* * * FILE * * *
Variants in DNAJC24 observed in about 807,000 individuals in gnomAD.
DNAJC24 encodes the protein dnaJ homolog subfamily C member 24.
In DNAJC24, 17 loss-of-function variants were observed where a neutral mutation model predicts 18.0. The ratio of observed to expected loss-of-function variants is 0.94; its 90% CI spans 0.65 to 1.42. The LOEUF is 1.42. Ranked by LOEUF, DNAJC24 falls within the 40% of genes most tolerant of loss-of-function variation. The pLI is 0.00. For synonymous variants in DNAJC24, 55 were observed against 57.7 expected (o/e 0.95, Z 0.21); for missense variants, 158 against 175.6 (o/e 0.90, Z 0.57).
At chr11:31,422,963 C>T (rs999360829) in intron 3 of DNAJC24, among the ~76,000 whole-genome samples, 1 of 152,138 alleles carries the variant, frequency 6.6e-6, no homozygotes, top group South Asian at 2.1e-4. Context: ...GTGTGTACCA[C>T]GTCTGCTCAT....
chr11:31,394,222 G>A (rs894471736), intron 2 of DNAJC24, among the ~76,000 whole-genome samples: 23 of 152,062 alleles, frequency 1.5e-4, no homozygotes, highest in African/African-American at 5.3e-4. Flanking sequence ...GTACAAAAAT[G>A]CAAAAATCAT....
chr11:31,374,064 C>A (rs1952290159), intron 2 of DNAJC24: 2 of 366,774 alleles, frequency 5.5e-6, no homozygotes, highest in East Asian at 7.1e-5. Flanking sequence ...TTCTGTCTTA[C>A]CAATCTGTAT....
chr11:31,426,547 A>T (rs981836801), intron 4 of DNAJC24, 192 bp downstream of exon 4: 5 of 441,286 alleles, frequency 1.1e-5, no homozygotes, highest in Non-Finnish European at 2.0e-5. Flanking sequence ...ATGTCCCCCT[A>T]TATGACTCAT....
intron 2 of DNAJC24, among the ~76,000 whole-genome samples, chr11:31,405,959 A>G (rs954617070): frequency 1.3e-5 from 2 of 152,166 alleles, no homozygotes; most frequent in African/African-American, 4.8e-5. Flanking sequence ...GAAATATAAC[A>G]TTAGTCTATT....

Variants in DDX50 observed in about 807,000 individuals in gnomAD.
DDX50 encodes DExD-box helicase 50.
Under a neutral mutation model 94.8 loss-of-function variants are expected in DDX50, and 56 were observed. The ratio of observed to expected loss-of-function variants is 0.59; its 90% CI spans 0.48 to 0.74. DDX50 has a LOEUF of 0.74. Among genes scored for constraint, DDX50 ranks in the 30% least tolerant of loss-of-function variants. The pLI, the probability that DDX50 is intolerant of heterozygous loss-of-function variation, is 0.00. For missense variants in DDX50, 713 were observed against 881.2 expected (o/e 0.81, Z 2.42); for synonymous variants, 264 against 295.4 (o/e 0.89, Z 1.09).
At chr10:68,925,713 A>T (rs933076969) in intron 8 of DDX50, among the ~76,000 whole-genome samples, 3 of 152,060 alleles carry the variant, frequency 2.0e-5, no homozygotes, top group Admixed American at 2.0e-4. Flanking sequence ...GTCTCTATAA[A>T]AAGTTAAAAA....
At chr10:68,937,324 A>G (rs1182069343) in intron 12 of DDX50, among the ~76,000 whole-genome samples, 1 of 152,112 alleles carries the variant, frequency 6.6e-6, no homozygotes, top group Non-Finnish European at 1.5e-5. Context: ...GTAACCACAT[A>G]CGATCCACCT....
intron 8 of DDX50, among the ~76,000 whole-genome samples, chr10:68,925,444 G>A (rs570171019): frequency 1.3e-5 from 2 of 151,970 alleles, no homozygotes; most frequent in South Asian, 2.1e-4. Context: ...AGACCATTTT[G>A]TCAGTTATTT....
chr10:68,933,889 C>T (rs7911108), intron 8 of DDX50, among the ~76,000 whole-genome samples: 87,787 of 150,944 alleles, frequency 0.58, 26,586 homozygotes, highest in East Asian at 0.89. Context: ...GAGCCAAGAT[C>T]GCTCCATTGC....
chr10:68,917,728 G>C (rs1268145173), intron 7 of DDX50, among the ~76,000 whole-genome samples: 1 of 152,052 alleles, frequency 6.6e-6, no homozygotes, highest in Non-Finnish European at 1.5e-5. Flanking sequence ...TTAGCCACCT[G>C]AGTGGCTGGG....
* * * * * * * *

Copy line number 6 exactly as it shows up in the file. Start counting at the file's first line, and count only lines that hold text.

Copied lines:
chr11:31,374,064 C>A (rs1952290159), intron 2 of DNAJC24: 2 of 366,774 alleles, frequency 5.5e-6, no homozygotes, highest in East Asian at 7.1e-5. Flanking sequence ...TTCTGTCTTA[C>A]CAATCTGTAT....